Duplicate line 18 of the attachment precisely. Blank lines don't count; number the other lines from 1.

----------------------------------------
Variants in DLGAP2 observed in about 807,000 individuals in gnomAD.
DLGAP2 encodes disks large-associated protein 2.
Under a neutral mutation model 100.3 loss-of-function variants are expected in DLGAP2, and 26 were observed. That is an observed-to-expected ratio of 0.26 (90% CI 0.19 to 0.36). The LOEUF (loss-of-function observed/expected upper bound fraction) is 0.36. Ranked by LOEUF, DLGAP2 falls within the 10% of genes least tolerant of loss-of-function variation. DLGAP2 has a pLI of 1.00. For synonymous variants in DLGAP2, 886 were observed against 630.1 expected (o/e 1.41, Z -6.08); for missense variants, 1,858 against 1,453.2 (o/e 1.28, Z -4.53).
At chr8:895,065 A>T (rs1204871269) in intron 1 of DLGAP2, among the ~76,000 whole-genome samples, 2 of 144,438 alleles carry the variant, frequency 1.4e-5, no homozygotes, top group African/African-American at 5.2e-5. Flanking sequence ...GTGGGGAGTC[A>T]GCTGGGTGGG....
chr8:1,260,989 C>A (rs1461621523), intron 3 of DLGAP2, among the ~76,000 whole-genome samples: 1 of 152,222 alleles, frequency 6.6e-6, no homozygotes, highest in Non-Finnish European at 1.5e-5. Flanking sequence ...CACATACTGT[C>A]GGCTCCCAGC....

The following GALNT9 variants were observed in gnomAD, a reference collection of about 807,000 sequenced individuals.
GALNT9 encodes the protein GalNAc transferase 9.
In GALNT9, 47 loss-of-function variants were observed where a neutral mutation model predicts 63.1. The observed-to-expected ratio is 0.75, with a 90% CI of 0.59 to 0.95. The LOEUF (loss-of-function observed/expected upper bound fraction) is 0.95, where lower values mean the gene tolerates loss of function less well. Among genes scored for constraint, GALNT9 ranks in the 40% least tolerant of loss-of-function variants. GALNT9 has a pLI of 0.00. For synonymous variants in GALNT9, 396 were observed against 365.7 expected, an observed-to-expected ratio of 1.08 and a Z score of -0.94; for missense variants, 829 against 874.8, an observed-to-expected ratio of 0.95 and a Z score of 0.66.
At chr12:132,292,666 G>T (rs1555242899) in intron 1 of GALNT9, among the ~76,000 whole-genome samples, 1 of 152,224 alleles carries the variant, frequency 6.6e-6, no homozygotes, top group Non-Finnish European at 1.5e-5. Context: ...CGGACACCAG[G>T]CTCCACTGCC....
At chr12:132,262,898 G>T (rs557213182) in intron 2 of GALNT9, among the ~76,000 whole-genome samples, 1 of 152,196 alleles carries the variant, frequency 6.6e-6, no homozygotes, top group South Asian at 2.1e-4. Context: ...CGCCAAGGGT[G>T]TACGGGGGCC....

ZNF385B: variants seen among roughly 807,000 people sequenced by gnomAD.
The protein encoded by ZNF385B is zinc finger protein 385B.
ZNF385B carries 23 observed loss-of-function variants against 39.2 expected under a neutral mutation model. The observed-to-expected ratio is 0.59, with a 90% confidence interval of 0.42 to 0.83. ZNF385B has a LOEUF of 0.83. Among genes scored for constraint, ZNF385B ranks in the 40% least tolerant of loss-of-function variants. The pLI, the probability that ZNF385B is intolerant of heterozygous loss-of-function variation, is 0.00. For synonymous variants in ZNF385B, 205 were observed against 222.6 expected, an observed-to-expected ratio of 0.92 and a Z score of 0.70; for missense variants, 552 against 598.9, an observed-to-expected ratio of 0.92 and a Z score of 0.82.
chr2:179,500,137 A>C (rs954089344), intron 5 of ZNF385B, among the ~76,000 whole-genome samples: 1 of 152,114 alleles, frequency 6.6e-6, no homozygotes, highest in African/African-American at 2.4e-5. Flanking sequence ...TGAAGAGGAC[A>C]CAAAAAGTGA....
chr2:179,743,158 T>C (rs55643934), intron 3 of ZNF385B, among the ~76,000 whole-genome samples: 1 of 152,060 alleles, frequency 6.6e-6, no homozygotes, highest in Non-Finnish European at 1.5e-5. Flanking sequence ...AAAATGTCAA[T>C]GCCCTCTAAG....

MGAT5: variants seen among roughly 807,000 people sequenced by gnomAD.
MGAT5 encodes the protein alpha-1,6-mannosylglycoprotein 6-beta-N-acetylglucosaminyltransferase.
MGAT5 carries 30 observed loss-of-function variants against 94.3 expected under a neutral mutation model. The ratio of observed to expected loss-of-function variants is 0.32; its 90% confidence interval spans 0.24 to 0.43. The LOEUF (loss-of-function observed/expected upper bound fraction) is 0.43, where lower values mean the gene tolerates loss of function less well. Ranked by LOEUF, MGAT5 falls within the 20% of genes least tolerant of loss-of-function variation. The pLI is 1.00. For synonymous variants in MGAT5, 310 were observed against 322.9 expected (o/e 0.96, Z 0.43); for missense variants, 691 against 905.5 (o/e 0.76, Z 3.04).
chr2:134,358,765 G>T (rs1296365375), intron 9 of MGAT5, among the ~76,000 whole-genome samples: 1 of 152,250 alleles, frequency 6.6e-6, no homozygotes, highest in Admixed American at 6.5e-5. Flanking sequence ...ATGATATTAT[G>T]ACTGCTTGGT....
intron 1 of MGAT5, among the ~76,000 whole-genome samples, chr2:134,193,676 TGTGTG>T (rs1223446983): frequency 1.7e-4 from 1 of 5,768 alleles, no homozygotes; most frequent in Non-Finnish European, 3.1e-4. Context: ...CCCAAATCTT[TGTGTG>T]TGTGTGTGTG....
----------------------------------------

MGAT5 carries 30 observed loss-of-function variants against 94.3 expected under a neutral mutation model. The ratio of observed to expected loss-of-function variants is 0.32; its 90% confidence interval spans 0.24 to 0.43. The LOEUF (loss-of-function observed/expected upper bound fraction) is 0.43, where lower values mean the gene tolerates loss of function less well. Ranked by LOEUF, MGAT5 falls within the 20% of genes least tolerant of loss-of-function variation. The pLI is 1.00. For synonymous variants in MGAT5, 310 were observed against 322.9 expected (o/e 0.96, Z 0.43); for missense variants, 691 against 905.5 (o/e 0.76, Z 3.04).